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I think reposting longer articles presents a unique challenge compared to Twitter, where everyone already knows what a retweet looks like. There was a lot of confusion today about this, but I hope the discussion will lead to more best practices for how we can deal with reposts. For example, making it more clear who the author is, and for longer posts, quoting or just linking the title instead.
Reposting on Twitter makes it very clear who the author of the post was, because their *actual tweet* is put into the timeline. If you were to copy and paste their tweet and post it without attributing it to them, you’d be stealing it. By putting something on your website that you call a repost but don’t actually make it clear who the author is, or worse, actually make your design look like *you* wrote the content, that’s theft, not reposting. If your post had said “XYZ posted this and I found it interesting,” and then posted the content (or even better, an excerpt), then that’s different. Attribution is important, and you didn’t care to do that. Maybe it’s worth thinking about the impact your actions have on others, and engage in the discussion on why the impacts means something to people (especially people of color who are so often used to being ignored or erased from their own stories) instead of writing passive-aggressive sub-posts attacking people who just want to be treated fairly.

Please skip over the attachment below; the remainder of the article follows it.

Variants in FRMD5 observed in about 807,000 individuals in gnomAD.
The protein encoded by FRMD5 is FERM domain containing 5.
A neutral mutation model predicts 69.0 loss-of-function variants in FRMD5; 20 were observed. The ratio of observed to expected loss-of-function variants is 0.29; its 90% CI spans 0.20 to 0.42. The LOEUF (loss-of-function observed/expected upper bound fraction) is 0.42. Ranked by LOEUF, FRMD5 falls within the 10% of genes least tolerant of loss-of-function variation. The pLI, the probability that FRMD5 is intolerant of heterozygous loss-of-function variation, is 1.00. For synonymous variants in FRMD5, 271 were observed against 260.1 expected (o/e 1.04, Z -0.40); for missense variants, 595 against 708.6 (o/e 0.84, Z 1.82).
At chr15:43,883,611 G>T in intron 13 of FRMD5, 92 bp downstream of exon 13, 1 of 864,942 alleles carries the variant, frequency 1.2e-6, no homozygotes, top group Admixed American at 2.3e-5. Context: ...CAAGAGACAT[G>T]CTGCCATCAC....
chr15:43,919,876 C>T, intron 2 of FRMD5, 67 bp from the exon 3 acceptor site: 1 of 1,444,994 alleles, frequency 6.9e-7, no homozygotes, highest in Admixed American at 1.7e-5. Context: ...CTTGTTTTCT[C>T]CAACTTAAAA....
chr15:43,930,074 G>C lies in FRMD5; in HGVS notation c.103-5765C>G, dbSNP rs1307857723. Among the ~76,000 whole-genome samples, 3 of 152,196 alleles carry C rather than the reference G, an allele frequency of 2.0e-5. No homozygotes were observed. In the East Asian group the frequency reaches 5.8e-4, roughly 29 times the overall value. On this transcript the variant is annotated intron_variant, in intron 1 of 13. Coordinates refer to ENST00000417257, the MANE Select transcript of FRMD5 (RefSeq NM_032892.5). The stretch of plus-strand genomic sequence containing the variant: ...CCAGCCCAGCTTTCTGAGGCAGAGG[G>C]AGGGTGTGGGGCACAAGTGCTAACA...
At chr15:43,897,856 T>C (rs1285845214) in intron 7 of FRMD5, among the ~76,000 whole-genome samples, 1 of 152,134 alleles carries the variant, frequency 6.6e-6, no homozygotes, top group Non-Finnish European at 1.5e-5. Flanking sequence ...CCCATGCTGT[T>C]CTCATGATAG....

Sameer I am sorry that you feel upset about this. I reposted your writing only to share it with more people. I thought it was excellent and I appreciate your writing. I removed the repost at your request.

There was definitely a problem with the repost template that I will fix, but I'm also going to work on some better repost checks that I will share with the IndieWeb community to avoid this sort of thing in the future.
I love to post stuff on my site, actually. If only I had one.
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